THE Bantams family is a term regularly pushed by the club during the recent years of progress.

City have prided themselves on building a tight relationship with a fanbase that is the envy of most clubs in League One.

But like any family, there will be periods when they squabble and fall out.

It has felt like that since the turn of the year heralded a dramatic plunge in fortunes at Valley Parade.

January was terrible on the pitch and pretty toxic off it. The fall-out is still apparent.

But in the week that City launched their latest wave of cut-price season tickets, there are signs that disconnect is being worked on.

The Supporters’ Board believe they can help with restoring the unity between club and crowd.

They see regular conversations with chairman Edin Rahic as an effective route to getting everyone back onside.

“There has been some mistrust and rumours and speculation,” said board chairman Adam Baker. “Maybe the club haven’t helped themselves by not nipping some of that in the bud.

“Edin asked us what they could have done differently to address the issues. A lot of these rumours and Chinese whispers grow out of proportion.

“In the end, every little negative story on social media or whatever gets pounced upon, whether it’s warranted or not.

“The club should have quashed some of it but that’s obviously what they wanted to do with the fans’ forum the other week.

“Naturally, they would like a line drawn under it all but fans will continue to look at the situation as they see it. Hopefully that’s where we can come in to try and help.

“The Supporters’ Board is not a closed shop. We’re about being transparent and representing the views of the fans.

“If they have issues, it’s for us to put those to the club.

“The beauty of the Supporters’ Board is that it is done in a constructive way. It’s not a slanging match.

“It may have been viewed wrongly in the past as simply a group of people who turn up and use the platform to air their grievances.

“It isn’t about that at all. We need to change that perspective.

“Fans raise certain issues and we ask the club how they might address them. It’s about finding solutions rather than problems.”

Formed in 2012, the Supporters’ Board was as much an open shop for handymen as a sounding board to represent the fans.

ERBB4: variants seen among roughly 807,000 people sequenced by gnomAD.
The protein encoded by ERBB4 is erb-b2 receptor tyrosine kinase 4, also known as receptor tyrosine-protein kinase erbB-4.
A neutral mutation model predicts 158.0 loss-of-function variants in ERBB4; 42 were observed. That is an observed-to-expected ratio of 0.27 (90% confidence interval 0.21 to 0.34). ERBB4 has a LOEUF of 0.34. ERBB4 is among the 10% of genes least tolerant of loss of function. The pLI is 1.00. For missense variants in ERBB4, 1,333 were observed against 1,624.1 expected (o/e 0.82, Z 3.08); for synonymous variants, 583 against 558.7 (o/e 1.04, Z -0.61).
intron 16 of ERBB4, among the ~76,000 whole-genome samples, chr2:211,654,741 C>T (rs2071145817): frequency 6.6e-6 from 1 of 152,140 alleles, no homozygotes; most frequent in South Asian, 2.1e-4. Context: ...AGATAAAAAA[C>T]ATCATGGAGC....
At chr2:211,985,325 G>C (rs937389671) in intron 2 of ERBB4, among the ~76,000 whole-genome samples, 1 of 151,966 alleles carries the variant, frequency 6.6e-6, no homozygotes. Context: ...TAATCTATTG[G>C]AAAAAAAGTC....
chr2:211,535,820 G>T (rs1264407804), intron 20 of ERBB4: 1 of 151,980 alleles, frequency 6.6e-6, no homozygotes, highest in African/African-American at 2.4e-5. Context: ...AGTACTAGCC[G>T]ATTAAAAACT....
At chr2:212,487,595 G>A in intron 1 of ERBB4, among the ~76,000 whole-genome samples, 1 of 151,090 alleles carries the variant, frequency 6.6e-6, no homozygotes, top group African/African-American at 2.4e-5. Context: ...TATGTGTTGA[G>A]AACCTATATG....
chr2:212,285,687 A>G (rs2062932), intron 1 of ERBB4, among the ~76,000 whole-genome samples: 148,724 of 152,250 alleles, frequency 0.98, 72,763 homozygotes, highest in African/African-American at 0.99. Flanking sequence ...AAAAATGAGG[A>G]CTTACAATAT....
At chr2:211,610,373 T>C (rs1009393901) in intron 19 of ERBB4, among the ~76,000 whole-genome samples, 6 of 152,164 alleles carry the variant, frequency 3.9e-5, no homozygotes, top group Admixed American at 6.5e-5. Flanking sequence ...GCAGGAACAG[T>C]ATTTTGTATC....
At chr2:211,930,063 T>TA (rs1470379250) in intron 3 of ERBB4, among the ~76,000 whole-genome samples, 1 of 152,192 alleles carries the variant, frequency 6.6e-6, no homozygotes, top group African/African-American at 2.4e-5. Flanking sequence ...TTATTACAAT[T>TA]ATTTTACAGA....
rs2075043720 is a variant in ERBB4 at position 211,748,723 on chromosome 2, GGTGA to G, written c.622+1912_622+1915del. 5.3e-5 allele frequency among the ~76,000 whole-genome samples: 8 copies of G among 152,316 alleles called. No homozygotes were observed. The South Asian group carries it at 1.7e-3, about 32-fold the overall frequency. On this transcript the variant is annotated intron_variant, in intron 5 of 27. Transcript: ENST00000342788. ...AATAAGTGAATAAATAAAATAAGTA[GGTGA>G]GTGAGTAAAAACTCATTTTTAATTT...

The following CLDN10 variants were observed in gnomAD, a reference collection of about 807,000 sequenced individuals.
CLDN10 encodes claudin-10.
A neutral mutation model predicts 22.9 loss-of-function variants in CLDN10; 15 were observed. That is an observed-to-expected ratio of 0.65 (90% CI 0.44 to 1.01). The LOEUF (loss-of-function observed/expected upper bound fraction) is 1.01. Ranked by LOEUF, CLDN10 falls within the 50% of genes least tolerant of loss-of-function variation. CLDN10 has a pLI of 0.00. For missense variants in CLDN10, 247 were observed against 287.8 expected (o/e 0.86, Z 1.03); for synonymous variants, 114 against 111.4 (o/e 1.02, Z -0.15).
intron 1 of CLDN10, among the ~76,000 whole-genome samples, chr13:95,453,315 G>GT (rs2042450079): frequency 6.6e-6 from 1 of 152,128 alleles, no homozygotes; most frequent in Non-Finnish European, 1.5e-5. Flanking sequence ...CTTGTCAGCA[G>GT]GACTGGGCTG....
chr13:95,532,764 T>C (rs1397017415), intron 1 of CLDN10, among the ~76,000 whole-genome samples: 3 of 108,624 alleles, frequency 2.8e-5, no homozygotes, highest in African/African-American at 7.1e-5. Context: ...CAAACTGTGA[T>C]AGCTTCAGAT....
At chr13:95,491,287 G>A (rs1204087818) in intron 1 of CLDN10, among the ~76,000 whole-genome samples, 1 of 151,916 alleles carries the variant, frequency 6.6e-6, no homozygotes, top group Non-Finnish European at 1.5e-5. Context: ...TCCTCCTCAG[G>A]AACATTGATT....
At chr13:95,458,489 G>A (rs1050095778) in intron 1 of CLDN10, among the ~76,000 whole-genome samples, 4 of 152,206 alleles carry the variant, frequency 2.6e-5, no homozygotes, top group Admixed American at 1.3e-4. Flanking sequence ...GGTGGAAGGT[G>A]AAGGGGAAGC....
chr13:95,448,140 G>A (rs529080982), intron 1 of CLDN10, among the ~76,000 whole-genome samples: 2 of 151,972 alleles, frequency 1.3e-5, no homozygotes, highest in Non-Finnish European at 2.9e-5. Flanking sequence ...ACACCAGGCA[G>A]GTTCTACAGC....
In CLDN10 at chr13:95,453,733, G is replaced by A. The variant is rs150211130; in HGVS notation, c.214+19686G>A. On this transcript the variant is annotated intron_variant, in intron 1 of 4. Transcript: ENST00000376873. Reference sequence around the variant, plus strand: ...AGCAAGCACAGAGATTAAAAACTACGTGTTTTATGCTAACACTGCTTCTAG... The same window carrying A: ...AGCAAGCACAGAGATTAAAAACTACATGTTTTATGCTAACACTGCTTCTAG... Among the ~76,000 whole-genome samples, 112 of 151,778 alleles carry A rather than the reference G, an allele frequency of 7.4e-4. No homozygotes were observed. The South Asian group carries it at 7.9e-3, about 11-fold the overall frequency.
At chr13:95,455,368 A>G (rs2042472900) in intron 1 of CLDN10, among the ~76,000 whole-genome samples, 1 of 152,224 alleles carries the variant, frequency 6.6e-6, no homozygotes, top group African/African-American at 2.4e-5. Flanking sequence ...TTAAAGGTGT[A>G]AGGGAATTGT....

David Baldwin, City’s chief executive at the time, encouraged supporters with particular skills to become involved as an avenue of potentially cheap maintenance around the ground.

They also still met him on a monthly basis to discuss issues directly related to the fans, which were mostly “ticket gates” during City’s history-making Capital One Cup run.

James Mason maintained the club’s presence at those talks when he came in. And now the Supporters’ Board are looking to expand to take in regular meetings with Rahic.

Baker added: “It’s something we’ve wanted to really push since Edin and Stefan (Rupp) came in.

“Obviously the first year was very much a transition period. We didn’t have that relationship with them to start with.

“We were talking with James but we wanted to get the new owners on board as well.

“Coincidentally we started really talking with them earlier in the year just as the issues in January came to the fore.

“We pushed it a little bit further and met with Edin a few times to show him what the Supporters’ Board is for.

“He apologised with not getting around to the various supporters’ groups in the first year. Their workload was a bit higher internally than what they had expected.

“But now, it’s something that Edin is quite happy to be engaged with.”

The Supporters’ Board currently consists of nine members representing the various groups from the Friends of Bradford City and disability branch to the club’s women’s football side.

The imminent relaunch will see numbers increase to around 20 in a bid to get more voices heard. They are also setting up a new website to detail all the discussions.

“We’re conscious that not everybody is affiliated to our supporters’ groups,” said Baker. “We do have individual members of various ages and backgrounds.

“That’s something we hope to increase and branch out with new blood.

“We want to make it far more inclusive in terms of representing a more diverse range of fans.

“It’s an easy way to get feedback to as many people as possible.

“The club are also guilty at times of not pushing some of the good work they actually do. It works both ways.

“Obviously we’ll still encourage open fans forums but to have that regular dialogue means we can address the concerns of supporters and highlight how the club have dealt with these issues.”